0730: Wake up and build up the strength to actually get out of bed while checking my social media accounts.

0800: Up for breakfast, either Reese’s Peanut Butter cereal or Wheaties.

0815-0900: Sit on the porch and drink my coffee with my feral cat buddy Cravat Cat while planning the day’s social media posts and waiting for my morning medicine to kick in.

0900-0915: Paying attention to Anastasia so that she will let me write in peace.

0915-1100: Write. With a break around 1030 or so.

1100-1130: Write

1130-1230: Break. I usually have a bit of a lie down to rest my back at this point and watch an episode of something….it varies as to what I watch.

1230-1245: Lunch

1245-1315: Sit on the porch and enjoy a Dr. Pepper.

1315-1500: Write. If I managed to hit my 3K word a day quote in the morning, then I use this time for marketing related things for my novel.

1500-1600: Break

1600-1615: Supper

1615-1730: Write, work on marketing items, or plan the next day’s writing.

1730-1800: My wife is home by 1730 and I sit outside on the porch and talk to her.

1800-1830: Shower, take nighttime medication, figure out what I’m going to watch on TV.

1830-1945: Lie in bed with ice packs on my back and watch TV with Anastasia.

1945-2045: Sit on front porch with my wife and listen to a baseball game on the radio.

2045-2200: Back in bed on ice packs. (20 minutes on, 20 minutes off)

2200-2245: Sit on the porch and listen to an Old Time Radio program.

2300: Lights out.

I’m usually up at least twice in the middle of the night for anywhere from 30 minutes to an hour at a time. Pain and bad dreams rob me of sleep. If I manage 6 hours in a night (though the are non-consecutive hours), I feel like I’ve won the lottery.

So there you have it, Dear Readers. This is my schedule from this week through mid July when I’m back to the campus for classes.



Chosen Men to Me!


“Now you and I know you can fire three rounds a minute. But can you stand?”

Dear Readers,

As another semester draws to a close, I am preparing for my usual end of the semester tradition (each fall and spring). That is, a Sharpe’s Rifles marathon usually followed by a Hornblower marathon. I’ve seen all the films in both series numerous times, too numerous to even count. But they never get old. I enjoy watching Sharpe and the lads give Boney a damn good thrashing every time. And I do enjoy the Age of Sail and nautical fiction, so the exploits of Hornblower are always entertaining as well. I do wish they’d make a crossover episode with both Hornblower and Sharpe. Maybe they team up to rescue a kidnapped Austrian princess from a Turkish harem. Or something like that.

Alas, my marathon cannot start until Friday. I have one final Monday, two on Wednesday, and two on Thursday. And then I have to enter grades and respond to usually 20-25 emails begging, cajoling, or demanding higher grades than those earned. Once all that is over, I can begin the films and enjoy my two months off before I start classes in the Summer 2 session.

Pleasant Notes

So Others May Live

Novel by Lee Hutch

Dear Readers,

My apologies for the slight delay in my usual posting schedule. This is my busy time of the semester as it winds down and we get ready for final exams. Then I get a couple of months off! I’m writing this from my office on campus that looks out over a parking lot and the train tracks. I get excited when a train comes by, since very few students stop in to see me. But I digress. For today’s post, I thought I would give you the play list that I listened to while writing So Others May Live.

I know that some writers need silence to work, but I need music. As I do not really watch much modern television (I’m the rare Gen X kid that hasn’t seen Friends, I’ve never seen Pulp Fiction, and laugh at me if you must, but I don’t watch Game of Thrones), I spend a lot of time listening to the radio. Often times this involves listening to old time radio dramas, as I have mentioned here before. But I love music too. Nothing can capture emotion quite like a song. In fact, my favorite assignment I give my students in class is to create a personal playlist for a historical figure. On my phone, I have playlists divided by subject or mood. For example, I have a playlist of songs that remind me of various things that happened during my time in the fire service. I have a Civil War music playlist. A World War 1 playlist. A World War 2 playlist. A 90s playlist. Etc.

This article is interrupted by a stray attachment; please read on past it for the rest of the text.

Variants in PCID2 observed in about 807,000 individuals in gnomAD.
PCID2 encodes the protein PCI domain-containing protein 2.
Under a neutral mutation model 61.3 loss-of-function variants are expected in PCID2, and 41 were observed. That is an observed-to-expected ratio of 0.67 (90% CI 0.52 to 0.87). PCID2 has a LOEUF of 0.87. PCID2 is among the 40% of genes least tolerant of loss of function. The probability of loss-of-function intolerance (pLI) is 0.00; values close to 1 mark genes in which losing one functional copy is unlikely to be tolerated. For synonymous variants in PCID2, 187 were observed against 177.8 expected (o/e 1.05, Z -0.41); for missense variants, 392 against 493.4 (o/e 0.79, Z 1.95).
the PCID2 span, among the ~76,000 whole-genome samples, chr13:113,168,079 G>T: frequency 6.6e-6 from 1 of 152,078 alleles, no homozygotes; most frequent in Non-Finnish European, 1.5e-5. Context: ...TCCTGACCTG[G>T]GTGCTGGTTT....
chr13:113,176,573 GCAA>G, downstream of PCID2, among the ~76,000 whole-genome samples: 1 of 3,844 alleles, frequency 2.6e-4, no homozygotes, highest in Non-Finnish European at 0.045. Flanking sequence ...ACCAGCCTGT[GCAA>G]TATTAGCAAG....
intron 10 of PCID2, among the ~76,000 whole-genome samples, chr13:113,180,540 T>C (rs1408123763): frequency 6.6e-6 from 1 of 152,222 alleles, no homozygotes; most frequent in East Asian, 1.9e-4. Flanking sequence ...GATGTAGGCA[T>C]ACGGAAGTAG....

So whenever I start writing a book, I create a playlist for that book. Since most of what I do is historical fiction, it obviously includes popular songs from that time period. However, it also includes songs that remind me of or I equate with certain characters in the book. So Others May Live was no different than other things I’ve written, so here is the playlist I wrote the book to, and why each song was included.

Closing Time by Semisonic: The line in the song “Every new beginning comes from some other beginnings end” reminds me of Grace and the way the novel ends. (No spoilers!)

Only God Knows Why by Kid Rock: This is my personal theme song. “People don’t know about the things I say and do. They don’t understand about the shit that I’ve been through.” That sums up my life post retirement as I deal with physical and mental scars. But it also could fit Karl’s character as he is haunted by his own experiences.

Bombers Moon by Mike Harding. This could very well be Michael’s story in musical form. The funny thing is that I had never actually heard this song before until after the book was finished. But if they make it into a movie… would be a great theme song.

Lambeth Walk: Obviously the characters in England would have known this song as it was popular during the War. In fact, I remember my grandfather humming it to himself sometimes when I was a kid. It is indeed a catchy tune. It’s a nice dance too.

I Don’t Want to Wait Paula Cole: Move over Dawson and Pacy, I like the line in this song that says “And the war he saw lives inside him still”. That’s true of all of the characters in the book, not just Karl and Michael. It is sort of like how when you retire from public safety, you have images from calls running through your head on a continuous loop….or rather I do. I can’t speak for anyone else.